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Alexandre Granjard
Kevin M. Cloninger
Erik Lindskär
Christian Jacobsson
Sverker Sikström
Robert Cloninger
Danilo Garcia


Background: Long-term unemployment is associated with psychiatric problems, higher risk of suicide, low levels of well-being, and high levels of burnout. In this context, among other factors such as sociodemographic status and IQ, specific personality traits are important for individuals’ chances to finding a job, getting hired, and retaining that job, as well as for coping with the mental health risks related to long-term unemployment. Thus, in order to use person-centered methods to promote public health and sustainable employment during the current and future challenges of the 21st century, an important research area is the mapping and understanding of personality profiles of individuals who are unemployed. 
Objectives: We mapped the personality traits and profiles in a sample of Swedish long-term unemployed (i.e., ≥ 6 months without work) in relation to a control group from the Swedish general population.
Method: 245 long-term unemployed individuals (136 men and 157 women, range 18 to 60 years; M = 25.7; SD = 9.6) were recruited at the beginning of different well-being and employment projects in Blekinge, Sweden. The participants reported gender, age, and other basic demographics, as well as their personality using the Temperament and Character Inventory (TCI). We calculated the T-scores and percentiles for the personality traits using the Swedish normative data (N = 1,948) and clustered participants in different temperament (high/low novelty seeking: N/n, high/low harm avoidance: H/h, high/low reward dependence: R/r) and character profiles (high/low self-directedness: S/s, high/low cooperativeness: C/c, high/low self-transcendence: T/t).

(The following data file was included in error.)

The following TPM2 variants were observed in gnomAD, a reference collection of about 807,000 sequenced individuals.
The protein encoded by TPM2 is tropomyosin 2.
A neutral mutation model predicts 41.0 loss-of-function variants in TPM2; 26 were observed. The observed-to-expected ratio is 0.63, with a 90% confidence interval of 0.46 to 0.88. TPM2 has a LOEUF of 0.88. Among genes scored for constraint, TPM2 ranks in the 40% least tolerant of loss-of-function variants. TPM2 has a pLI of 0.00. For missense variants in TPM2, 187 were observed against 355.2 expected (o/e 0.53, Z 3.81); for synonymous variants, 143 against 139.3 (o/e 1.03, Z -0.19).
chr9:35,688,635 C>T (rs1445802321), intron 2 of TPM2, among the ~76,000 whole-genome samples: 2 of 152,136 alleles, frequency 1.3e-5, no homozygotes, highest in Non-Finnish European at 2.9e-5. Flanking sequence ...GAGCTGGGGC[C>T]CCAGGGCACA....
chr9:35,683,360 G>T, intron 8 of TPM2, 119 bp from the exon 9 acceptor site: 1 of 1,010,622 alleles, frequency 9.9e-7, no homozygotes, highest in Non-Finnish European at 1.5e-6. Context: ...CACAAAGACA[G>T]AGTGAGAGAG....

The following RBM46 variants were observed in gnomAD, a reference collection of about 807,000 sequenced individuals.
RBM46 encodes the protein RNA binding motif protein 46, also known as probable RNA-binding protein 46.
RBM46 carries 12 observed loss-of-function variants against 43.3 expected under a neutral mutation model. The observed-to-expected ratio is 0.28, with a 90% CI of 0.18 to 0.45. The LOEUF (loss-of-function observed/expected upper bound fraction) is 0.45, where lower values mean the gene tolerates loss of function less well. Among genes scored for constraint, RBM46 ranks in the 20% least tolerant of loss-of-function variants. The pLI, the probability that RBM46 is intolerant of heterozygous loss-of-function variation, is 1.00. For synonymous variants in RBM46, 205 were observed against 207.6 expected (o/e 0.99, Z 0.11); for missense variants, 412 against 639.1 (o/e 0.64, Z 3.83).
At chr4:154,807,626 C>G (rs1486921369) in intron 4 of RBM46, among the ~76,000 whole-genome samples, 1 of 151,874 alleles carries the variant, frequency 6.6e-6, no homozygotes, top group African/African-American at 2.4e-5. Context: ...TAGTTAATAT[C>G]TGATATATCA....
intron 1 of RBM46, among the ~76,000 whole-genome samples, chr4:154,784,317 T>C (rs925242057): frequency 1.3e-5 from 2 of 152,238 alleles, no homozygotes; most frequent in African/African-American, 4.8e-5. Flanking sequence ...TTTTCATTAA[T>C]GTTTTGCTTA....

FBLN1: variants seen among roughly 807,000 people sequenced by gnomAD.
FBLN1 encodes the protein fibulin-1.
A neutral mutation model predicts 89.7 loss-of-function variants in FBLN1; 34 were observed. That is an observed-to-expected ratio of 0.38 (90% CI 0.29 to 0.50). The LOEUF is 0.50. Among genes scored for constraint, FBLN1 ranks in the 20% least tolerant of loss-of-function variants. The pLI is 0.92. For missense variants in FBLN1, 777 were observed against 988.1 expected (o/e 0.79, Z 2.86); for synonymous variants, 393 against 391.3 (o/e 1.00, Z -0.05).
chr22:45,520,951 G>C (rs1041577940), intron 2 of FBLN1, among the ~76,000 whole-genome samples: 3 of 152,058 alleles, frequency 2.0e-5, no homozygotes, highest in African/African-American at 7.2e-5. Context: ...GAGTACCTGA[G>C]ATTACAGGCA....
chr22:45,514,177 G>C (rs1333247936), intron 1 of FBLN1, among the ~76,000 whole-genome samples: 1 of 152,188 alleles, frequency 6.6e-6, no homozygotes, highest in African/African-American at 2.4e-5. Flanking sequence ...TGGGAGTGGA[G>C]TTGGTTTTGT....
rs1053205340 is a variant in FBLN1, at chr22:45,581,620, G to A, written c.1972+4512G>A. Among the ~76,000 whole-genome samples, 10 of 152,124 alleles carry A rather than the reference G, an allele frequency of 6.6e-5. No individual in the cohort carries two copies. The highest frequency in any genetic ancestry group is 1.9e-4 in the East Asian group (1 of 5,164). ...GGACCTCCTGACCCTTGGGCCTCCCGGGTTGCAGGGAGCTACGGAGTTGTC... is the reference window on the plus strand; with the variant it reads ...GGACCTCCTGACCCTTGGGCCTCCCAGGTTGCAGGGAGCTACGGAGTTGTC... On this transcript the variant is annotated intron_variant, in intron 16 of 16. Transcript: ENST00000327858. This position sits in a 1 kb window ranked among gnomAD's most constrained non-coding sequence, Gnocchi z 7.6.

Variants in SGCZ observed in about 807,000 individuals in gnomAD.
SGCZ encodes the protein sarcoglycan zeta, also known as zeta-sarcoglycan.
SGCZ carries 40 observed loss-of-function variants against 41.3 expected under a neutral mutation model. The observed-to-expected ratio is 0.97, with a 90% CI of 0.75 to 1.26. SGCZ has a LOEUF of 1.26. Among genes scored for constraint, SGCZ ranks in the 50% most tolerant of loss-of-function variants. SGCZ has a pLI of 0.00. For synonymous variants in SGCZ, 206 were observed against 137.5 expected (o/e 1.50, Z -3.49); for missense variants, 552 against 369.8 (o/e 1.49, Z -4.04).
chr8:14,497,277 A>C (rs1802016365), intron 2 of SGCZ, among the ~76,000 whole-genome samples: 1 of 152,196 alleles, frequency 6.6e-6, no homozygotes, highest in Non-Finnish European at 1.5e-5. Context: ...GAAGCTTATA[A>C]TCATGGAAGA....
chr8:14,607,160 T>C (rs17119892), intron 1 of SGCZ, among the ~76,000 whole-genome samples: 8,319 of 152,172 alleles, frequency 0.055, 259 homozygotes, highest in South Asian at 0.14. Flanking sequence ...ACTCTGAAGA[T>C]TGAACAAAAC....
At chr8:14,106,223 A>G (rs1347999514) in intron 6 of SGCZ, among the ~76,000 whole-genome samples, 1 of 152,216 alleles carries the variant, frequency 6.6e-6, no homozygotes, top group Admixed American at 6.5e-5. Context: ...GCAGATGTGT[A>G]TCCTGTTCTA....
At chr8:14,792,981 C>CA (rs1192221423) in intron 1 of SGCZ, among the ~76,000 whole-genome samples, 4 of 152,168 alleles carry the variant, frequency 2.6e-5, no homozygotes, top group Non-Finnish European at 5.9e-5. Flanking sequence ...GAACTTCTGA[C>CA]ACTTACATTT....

Results: Compared to the general population, the long-term unemployed were extremely higher in harm avoidance (> 1.5 standard deviation), moderately lower in persistence (> 0.5 standard deviation), extremely lower in self-directedness (> 2 standard deviations), and moderately lower in novelty seeking (> 0.5 standard deviation). That is, consistent with past research, our study shows that the personality of long-term unemployed is denoted by being pessimistic, fearful, easily fatigable, underachieving, blaming, helpless, and unfulfilled (i.e., high harm avoidance, low persistence, and low self-directedness), but also by being reserved and rigid (i.e., low novelty seeking). Furthermore, within the unemployed population, as much as 71.60% reported a methodical (nHr) or cautious profile (nHR), and as much as 64.00% reported an apathetic (sct) or a disorganized profile (scT). Moreover, the profile analyses allowed us to show that, within this unemployed population and in relation to each individual’s own profile, about 91.70% were high in harm avoidance, 98.60% were low in self-directedness, 64.00% were low in cooperativeness, and 44.40% low in self-transcendence.
Conclusions: These results indicate a high predictive value by the TCI, especially regarding the specific basic health-related traits or abilities (i.e., self-directedness, cooperativeness, and self-transcendence) needed to cope with the risks related to unemployment. Specifically, long-term unemployed populations have temperament profiles that present difficulties for them to adapt to the circumstances of unemployment, but also finding, getting, and retaining a job and character profiles that diminish their possibilities to self-regulate the emotions derived from their temperament through self-directed choices that improve their health and all aspects of their lives. Hence, evidence-based interventions targeting stress reduction and the development of health-related traits or abilities (i.e., self-directedness, cooperativeness, and self-transcendence) are urgently needed.

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